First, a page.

• Issues of paternalism / co-dependence need to be processed.

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Counselor Competence

  • Rehabilitation counselors should practice only within the realm of their scope of practice.

  • New to the field is diagnosing according to a medical model.

  • Continuing education is a must

  • Refer out whenever necessary.

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Rehabilitation Counseling

Case Scenarios

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A few hand picked areas of concern, for rehabilitation counselors and ethics.

  • Working with 3rd party payment agencies

  • Traits clients find most and least important from rehabilitation counselors

  • HIV positive patients

  • 12 step programs

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Ethics in Managed Care Organization (MCO )

  • Understand the MCO is a business and looks for profit.

  • Look for best balance between advocacy and fulfilling needs of MCO

  • Explain MCO service limits to client

  • Do no harm

    ( Kontosh, 2000 )

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Traits clients find most and least important from Rehabilitation Counselors

  • Top 3 traits:

    1. Consumer first attitude and advocacy (28.5%)

    2. Nurturing and promotion of counselor relationship ( 20% )

    3. Knowledge about disability and rehabilitation ( 14% )

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Traits clients find most and least important from Rehabilitation Counselors

  • Bottom 3 traits:

  • Disability experience in personal life (4%)

  • Educational background ( 2.5% )

  • Maturity and professional experience (1.5%)

    ( McCarthy & Leierer, 2001 )

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HIV positive client and duty to break confidentiality / privacy

  • This is a hot dilemma that most practicing counselors face.

  • The stance of the law is unclear

  • The danger is advising sex partners of the client & advising the employer or third party payment agency.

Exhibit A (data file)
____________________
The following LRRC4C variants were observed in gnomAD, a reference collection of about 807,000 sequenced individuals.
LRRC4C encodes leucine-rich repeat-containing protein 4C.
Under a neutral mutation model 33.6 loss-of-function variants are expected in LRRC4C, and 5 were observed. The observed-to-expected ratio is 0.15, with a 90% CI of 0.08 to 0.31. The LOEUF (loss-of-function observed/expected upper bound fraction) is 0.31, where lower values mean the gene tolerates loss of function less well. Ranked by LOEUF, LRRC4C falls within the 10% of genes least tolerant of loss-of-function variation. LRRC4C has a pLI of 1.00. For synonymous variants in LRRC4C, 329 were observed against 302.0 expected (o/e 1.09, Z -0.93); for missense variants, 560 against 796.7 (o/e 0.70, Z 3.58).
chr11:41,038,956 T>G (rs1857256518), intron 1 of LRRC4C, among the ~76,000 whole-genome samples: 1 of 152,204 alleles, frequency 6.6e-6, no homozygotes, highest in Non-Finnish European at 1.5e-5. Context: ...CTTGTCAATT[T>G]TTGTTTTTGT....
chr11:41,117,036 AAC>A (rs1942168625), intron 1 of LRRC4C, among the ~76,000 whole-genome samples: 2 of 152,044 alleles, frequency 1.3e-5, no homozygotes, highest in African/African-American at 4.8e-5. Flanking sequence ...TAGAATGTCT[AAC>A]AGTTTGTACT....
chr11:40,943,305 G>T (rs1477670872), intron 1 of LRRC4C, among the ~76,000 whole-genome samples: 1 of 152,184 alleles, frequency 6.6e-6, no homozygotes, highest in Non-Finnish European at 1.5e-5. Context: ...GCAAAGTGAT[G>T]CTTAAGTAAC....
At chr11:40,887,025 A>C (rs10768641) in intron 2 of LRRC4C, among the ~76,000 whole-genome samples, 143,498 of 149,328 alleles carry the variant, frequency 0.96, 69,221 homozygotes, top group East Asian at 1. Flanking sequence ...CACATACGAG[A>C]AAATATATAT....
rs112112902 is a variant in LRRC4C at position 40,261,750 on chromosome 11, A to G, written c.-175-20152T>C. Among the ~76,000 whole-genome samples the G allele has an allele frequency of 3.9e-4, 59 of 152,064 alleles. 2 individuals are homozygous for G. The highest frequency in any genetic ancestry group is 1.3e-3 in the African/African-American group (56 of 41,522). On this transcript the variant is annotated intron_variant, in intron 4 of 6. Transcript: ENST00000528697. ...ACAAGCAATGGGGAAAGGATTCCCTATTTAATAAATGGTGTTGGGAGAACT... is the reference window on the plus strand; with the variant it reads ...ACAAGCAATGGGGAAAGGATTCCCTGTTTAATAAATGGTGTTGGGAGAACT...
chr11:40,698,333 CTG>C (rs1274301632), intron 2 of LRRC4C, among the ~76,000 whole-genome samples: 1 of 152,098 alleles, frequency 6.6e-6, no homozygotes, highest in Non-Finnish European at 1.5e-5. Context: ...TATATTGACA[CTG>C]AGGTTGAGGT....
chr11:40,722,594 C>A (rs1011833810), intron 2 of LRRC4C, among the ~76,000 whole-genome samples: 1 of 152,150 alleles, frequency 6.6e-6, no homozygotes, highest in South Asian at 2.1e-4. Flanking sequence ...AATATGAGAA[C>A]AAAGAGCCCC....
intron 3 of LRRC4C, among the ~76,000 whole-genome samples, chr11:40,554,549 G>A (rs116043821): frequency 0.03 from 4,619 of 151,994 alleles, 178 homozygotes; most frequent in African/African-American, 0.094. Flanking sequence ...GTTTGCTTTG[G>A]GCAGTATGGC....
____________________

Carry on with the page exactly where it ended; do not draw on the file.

• No clear answer to provide

  • Client advocacy is the key.

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12-step Programs

  • Have proven to be very effective for the rehabilitation of substance abusers

  • They have a regimented format, with little room for adaptation

  • All require an admittal to a problem (not consistent with some theoretical constructs)

  • All require an admittal that a higher power is the only means to help (N/A for a counselor who does not share same beliefs)

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Cotton, R.R., & Tarvydas, V.M. (2003). Ethical and professional issues in counseling 2nd ed. Upper Saddle, NJ: Pearson Education.

Kontosh, L.G. (2000) Ethical rehabilitation counseling in a managed-care environmen. The Journal of Rehabilitation. 66, 9-24.

McCarthy, H. & Leierer, S.J. (2001) Consumer concepts of ideal characteristics and minimum qualification for rehabilitation counselors. Rehabilitation Counseling Bulletin,45, 12-23.

Szymanski, E M.; Danek, M. M.; (1985). School-to-work transitions for students with disabilities: Historical, current, and conceptual issues. Rehabilitation Counseling Bulletin,29, 81-89.

Torielly, P.J., Benshoff, J.J. (2003) Substance abuse counselors and ethical delimmas: The influence of recovery and education level. Journal of Addictions and Offender Counseling, 23, 83-98.

Van Hoose, W.H., & Kottler, J.A. (1985) Ethical an legal issues in counseling and psychotherapy 2nd ed. SanFrancisco: Jossey Bass,,p .258.